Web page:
What Are In-Home Caregiver Duties?

Caregiver Duties

In-home caregiver duties for older adults presents numerous benefits, the most significant of which being that the patient can remain in the comfort of their own home while receiving the care that they need. Especially if the older adult is suffering from some form of dementia, a change in the living environment can cause anxiety and distress, making the move to a residential care facility far from ideal. Maintaining a consistent, familiar living space will reduce stress and complications that can come along with aging.

Additionally, in-home care allows for flexibility in care. The caregiver can develop a routine that fits the unique needs of the patient. The care can be adapted quickly and easily if the needs of the older adult shift, ensuring that the senior is living in the right conditions for optimal health.

In-home caregivers must fulfill a variety of duties to keep an older adult healthy, comfortable, and in good spirits. Below, you’ll find a list of widely recognized responsibilities for at-home senior caregivers to consider.

Caregiver Duties and Responsibilities

●    Cooking, Managing Nutrition, and Promoting Hydration

Proper nutrition is an essential factor in healthy aging. In-home caregivers are tasked with the responsibility of ensuring that dietary needs are met. Following dietary restrictions, food-related likes and dislikes, and target caloric intake should all be noted by an in-home caregiver. Grocery shopping may be included as an in-home caregiver duty – in this situation, the set grocery budget should be closely adhered to.

Appetite wanes with older age, meaning that it may be tricky for seniors to get the nutrients and calories that they need. In fact, 15% to 30% of older adults report a significant decline in appetite with age. Age-related appetite loss can also lead to weight loss, which can lead to health complications like reduced immune function, poor wound healing, increased risk for falls, and general physical weakness. In-home caregivers are in close contact with older adults all day long and, therefore, have the greatest ability to ensure proper nutrition.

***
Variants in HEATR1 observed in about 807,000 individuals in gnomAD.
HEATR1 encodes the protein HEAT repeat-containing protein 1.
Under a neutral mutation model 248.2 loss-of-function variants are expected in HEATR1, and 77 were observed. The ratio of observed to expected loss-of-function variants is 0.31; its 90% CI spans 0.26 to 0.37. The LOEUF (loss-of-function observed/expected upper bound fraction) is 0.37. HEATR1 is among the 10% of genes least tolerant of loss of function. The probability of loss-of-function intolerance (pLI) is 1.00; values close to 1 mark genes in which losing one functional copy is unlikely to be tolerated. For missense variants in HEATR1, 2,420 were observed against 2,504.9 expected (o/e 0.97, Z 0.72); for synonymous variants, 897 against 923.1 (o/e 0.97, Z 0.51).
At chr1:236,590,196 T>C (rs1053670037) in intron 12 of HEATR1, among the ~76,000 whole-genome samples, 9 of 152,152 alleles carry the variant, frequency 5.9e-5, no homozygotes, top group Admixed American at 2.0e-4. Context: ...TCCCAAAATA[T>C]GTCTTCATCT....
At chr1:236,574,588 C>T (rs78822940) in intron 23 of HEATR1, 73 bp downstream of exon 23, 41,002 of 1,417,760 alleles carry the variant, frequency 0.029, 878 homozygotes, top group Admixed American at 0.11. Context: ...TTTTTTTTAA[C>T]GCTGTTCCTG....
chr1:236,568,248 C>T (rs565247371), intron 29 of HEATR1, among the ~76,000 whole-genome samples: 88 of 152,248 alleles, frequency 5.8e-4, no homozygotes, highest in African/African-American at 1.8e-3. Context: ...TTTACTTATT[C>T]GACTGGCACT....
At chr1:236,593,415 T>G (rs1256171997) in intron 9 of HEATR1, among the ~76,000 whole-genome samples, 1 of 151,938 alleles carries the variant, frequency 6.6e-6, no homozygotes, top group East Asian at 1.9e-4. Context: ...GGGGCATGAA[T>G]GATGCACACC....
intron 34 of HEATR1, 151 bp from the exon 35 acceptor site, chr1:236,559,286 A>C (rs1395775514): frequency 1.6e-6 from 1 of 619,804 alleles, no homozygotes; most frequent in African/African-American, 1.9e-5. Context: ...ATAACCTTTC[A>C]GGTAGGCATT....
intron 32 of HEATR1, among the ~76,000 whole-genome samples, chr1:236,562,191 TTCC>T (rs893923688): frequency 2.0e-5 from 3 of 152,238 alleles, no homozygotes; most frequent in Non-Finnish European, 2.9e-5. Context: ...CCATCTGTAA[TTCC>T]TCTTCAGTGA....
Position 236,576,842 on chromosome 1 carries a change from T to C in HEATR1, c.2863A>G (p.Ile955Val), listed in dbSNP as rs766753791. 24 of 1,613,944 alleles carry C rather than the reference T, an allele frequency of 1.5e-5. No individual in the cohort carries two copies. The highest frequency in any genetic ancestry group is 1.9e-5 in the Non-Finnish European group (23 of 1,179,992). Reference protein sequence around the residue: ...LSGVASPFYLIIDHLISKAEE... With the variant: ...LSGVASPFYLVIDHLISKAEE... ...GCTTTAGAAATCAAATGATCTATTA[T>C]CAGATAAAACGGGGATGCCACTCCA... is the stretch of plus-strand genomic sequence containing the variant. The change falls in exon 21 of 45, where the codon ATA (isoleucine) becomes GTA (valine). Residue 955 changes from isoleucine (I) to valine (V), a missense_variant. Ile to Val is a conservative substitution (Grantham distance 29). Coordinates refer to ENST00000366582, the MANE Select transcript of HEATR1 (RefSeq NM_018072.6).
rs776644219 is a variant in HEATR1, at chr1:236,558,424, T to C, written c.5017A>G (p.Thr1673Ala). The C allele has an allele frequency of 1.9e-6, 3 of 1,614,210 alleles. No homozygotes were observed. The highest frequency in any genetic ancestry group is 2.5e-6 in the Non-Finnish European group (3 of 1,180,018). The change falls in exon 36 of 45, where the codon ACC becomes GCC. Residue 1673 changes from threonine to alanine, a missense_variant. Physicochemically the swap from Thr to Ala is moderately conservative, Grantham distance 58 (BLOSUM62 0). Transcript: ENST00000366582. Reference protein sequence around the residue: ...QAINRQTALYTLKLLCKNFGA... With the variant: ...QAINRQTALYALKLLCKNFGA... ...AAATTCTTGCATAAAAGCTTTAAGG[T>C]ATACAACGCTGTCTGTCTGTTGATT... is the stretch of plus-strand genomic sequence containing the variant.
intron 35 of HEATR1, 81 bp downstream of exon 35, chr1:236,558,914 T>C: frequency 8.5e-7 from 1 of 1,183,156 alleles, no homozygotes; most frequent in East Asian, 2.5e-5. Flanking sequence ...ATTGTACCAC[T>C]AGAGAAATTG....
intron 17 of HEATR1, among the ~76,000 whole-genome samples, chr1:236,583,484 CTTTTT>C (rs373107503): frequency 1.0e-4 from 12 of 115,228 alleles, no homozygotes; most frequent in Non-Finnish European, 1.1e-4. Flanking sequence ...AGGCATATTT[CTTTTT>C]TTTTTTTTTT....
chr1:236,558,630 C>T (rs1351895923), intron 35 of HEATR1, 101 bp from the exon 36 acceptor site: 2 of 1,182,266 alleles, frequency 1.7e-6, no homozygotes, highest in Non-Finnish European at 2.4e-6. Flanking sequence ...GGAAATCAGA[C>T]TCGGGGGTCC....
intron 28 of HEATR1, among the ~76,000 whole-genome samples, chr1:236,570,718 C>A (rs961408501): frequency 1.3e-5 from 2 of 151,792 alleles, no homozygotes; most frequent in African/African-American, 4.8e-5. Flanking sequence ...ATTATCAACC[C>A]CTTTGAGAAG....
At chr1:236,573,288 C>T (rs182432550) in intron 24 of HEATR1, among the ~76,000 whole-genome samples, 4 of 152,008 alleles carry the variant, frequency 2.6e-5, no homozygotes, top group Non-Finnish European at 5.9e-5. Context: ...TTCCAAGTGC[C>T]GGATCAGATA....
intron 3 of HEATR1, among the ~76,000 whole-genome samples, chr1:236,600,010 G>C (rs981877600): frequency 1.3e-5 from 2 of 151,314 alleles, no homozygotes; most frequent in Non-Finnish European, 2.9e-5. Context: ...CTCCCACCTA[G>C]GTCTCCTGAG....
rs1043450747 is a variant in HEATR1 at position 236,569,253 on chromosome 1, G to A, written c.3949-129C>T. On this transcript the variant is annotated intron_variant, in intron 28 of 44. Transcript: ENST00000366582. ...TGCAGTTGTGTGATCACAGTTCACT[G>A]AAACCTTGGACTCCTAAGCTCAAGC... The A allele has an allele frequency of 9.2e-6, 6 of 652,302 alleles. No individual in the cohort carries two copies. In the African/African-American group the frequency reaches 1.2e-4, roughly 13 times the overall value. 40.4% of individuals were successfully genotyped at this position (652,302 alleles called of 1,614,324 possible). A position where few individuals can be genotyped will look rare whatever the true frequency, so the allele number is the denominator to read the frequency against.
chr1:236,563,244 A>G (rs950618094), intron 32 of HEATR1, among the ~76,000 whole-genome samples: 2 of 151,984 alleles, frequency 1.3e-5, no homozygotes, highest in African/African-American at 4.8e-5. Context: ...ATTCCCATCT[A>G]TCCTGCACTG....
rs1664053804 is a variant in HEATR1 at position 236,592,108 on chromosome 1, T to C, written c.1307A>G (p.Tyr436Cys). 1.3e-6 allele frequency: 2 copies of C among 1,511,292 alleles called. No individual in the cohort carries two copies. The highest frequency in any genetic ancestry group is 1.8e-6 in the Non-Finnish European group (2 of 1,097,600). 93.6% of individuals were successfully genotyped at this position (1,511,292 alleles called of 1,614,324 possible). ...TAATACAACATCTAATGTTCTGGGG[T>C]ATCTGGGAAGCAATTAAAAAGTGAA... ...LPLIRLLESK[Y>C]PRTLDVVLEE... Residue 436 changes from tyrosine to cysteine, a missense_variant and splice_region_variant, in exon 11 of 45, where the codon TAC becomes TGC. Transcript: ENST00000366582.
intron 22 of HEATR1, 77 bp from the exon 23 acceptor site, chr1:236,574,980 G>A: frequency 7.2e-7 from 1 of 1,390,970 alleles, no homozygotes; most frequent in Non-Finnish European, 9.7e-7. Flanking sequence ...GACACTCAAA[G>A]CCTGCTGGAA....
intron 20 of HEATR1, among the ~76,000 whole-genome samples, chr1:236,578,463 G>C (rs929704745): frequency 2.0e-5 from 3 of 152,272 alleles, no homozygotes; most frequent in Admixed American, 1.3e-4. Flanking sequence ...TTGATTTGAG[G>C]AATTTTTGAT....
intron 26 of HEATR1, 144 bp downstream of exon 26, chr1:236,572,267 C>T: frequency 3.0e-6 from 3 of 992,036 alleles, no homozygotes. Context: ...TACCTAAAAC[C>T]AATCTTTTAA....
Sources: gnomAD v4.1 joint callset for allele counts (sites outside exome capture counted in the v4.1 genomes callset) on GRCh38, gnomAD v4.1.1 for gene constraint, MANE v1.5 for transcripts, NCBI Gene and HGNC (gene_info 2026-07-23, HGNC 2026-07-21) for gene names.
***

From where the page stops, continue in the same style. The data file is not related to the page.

Vitamins and supplements are important for older adults who don’t receive all of the nutrients that they need from their diet. The vitamins and supplements taken by an older adult need to be strategically chosen, as taking too much of a vitamin or mineral, or taking one that’s not needed, can lead to health complications. The main vitamins and minerals recommended for older adults are vitamin D, vitamin B12, calcium, magnesium, and potassium (NIH).

Hydration is essential during any stage of life, but it’s especially crucial for seniors. With aging comes a number of bodily changes that can easily lead to dehydration. These include the natural lowering of bodily water content between the ages of 20 and 80, reduction of muscle mass, decreased kidney function, and lowered feelings of thirst. These inevitable results of aging mean that in-home caregivers need to encourage fluid intake frequently throughout the day, especially with meals.

●    Transportation

Often, with aging comes the loss of speed in cognitive processing that’s required to operate a car. When this time comes, an in-home caregiver will be responsible for driving or arranging transportation for the older adult. Transportation will be needed to and from medical appointments, social gatherings, errands, activities, etc.

●    Keeping Track of Medications

Older adults in need of in-home care often require help in remembering to take medications. Especially when the patient is suffering from a degenerative disease or other condition, medications can stack up. An in-home caregiver can ensure not only that each medication is taken, but also that they’re taken at the right time and in the correct dose.